Aviation gasoline has always been excepted from this type of tax and despite numerous amendments to the law, said exemption has been specifically retained.

             The exemption for exports of motor fuel is found in RCW 82.36.230 and provides that such petroleum products exported from the state or sold by a qualified distributor to distributors outside the state or to aviation gasoline dealers or  [[Orig. Op. Page 3]] users, but reports shall be made on all of such exports on forms as directed by the director of licenses.  An export certificate is required to be supplied under oath together with details as required by the director and must be completed and filed within sixty days after the end of the calendar month in which the shipments were made.  The section states further:

             "* * * The director may demand of any distributor such additional data as are deemed necessary by the director in support of any such certificate, and failure to supply such data will constitute a waiver of all right to exemption claimed by virtue of such certificate."

             It is thus apparent that the exemption of aviation fuel from the tax applies unless the distributor fails to supply the required additional information requested by the director of licenses.  Although said distributor, in the words of the act, must supply said certificate and make the exemption claim, the penalty, namely imposition of the tax, does not apply unless the certificate is not filed and additional information requested is not supplied.  Inasmuch as our courts are not prone to invoke such heavy penalties in relation to this act, we doubt that interpretation of the word "must" would mean that the penalty does not apply unless the distributor affected refused to supply all information validly requested by the director.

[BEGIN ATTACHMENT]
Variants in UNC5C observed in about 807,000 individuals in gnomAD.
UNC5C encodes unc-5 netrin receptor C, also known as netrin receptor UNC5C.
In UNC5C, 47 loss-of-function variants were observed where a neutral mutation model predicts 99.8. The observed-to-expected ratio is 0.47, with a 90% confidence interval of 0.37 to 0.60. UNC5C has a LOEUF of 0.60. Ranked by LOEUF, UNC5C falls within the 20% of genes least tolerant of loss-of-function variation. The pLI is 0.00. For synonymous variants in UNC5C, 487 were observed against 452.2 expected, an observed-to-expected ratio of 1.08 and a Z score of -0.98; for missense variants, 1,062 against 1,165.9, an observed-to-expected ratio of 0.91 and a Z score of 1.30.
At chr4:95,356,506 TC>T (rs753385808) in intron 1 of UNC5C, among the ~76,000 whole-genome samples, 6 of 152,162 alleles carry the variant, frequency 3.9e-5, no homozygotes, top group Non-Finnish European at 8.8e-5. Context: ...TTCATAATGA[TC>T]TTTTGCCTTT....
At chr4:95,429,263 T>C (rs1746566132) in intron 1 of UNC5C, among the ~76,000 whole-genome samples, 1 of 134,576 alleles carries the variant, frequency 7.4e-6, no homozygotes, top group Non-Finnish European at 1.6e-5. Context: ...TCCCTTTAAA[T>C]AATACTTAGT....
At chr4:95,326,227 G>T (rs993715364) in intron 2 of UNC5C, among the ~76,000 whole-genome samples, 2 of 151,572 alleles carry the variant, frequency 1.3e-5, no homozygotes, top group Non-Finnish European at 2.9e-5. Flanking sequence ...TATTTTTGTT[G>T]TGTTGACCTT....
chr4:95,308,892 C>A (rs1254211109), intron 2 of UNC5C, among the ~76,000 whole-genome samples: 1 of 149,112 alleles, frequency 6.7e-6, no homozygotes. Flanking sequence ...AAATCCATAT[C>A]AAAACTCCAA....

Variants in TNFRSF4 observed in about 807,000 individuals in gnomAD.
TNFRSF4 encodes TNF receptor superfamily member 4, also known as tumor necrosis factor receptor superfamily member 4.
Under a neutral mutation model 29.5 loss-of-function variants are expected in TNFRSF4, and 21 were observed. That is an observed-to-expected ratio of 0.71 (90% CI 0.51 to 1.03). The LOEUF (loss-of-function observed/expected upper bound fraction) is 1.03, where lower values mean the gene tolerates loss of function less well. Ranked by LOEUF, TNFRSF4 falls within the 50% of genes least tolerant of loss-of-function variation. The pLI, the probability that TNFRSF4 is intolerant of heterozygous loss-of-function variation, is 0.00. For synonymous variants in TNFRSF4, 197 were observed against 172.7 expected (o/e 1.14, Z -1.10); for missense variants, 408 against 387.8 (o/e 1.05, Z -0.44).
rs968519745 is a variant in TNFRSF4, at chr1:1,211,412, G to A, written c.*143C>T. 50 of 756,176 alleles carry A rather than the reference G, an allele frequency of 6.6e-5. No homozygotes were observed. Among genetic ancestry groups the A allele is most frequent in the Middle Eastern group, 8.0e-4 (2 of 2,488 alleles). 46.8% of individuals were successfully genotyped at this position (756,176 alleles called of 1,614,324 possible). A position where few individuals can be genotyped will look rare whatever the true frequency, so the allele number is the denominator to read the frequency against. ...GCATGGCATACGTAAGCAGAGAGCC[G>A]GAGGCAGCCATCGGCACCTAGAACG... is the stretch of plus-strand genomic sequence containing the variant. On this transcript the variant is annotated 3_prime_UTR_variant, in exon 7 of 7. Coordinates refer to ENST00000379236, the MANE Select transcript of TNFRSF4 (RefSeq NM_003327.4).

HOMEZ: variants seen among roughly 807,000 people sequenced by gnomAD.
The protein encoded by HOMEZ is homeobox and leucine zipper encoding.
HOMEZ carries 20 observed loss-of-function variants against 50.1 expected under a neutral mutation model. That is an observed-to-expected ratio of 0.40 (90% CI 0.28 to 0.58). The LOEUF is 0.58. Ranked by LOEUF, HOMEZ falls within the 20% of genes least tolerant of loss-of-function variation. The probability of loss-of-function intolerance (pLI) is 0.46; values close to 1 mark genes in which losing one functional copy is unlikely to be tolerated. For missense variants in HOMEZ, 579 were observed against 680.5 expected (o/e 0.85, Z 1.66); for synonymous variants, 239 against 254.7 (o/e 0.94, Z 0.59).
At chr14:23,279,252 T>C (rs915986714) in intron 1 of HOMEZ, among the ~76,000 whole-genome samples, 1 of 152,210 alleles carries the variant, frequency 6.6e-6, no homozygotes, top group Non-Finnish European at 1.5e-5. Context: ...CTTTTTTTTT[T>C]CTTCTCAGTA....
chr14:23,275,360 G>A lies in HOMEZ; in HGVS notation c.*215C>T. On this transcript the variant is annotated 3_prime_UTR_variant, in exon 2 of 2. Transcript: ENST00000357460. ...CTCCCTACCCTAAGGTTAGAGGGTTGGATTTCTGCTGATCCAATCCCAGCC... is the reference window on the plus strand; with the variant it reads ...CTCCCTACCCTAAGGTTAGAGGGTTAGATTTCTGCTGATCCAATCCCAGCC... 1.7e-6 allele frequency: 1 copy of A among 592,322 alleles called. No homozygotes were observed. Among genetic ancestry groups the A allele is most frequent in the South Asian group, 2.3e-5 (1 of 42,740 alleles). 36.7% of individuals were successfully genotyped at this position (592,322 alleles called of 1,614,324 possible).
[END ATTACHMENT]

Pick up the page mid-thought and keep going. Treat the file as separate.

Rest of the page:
It is, therefore, our opinion that the penalty, namely imposition of the tax which otherwise would not apply, does not follow mere failure to file a certificate within the sixty day period.

             The information reported discloses that the sales were sales in Washington according to the usual tests and the use of an export transfer to the aviation company in Oregon was clearly erroneous. The transfer to the Shell Oil Company of British Columbia may have been to a subsidiary of the distributor, but since it appears to have a separate legal entity the appropriate export certificates should have been executed notwithstanding earlier regulations of the License Department recognizing subsidiaries as branches of the distributor.

             Specifically answering your questions, after examining the bills of lading and other supporting papers it appears to this office that the sale to the Oregon  [[Orig. Op. Page 4]] aviation company was a Washington sale, that export certificates and exemption claims should have been executed, but in the absence of refusal to supply additional information the failure to make the appropriate certificates within sixty days of shipment does not make them subject to the tax.  As to the delivery to the Canadian corporations, in the absence of additional information it appears that this was also a Washington sale, but the tax is not applicable unless the distributor has failed or refused to supply the additional information required.

 Very truly yours,
SMITH TROY
Attorney General 

PHILIP W. RICHARDSON
Assistant Attorney General